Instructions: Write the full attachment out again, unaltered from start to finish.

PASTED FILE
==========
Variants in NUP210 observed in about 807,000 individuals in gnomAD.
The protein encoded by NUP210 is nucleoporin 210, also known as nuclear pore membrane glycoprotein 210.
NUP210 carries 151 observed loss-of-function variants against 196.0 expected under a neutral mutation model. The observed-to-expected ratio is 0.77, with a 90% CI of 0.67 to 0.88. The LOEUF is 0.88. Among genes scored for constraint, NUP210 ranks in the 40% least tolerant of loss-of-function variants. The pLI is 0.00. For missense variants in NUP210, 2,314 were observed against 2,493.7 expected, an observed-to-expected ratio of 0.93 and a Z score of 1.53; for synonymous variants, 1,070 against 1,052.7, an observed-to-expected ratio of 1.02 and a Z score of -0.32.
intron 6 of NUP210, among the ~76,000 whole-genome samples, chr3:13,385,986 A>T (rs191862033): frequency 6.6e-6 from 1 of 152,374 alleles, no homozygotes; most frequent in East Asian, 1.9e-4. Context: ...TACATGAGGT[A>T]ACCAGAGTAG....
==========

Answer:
Variants in NUP210 observed in about 807,000 individuals in gnomAD.
The protein encoded by NUP210 is nucleoporin 210, also known as nuclear pore membrane glycoprotein 210.
NUP210 carries 151 observed loss-of-function variants against 196.0 expected under a neutral mutation model. The observed-to-expected ratio is 0.77, with a 90% CI of 0.67 to 0.88. The LOEUF is 0.88. Among genes scored for constraint, NUP210 ranks in the 40% least tolerant of loss-of-function variants. The pLI is 0.00. For missense variants in NUP210, 2,314 were observed against 2,493.7 expected, an observed-to-expected ratio of 0.93 and a Z score of 1.53; for synonymous variants, 1,070 against 1,052.7, an observed-to-expected ratio of 1.02 and a Z score of -0.32.
intron 6 of NUP210, among the ~76,000 whole-genome samples, chr3:13,385,986 A>T (rs191862033): frequency 6.6e-6 from 1 of 152,374 alleles, no homozygotes; most frequent in East Asian, 1.9e-4. Context: ...TACATGAGGT[A>T]ACCAGAGTAG....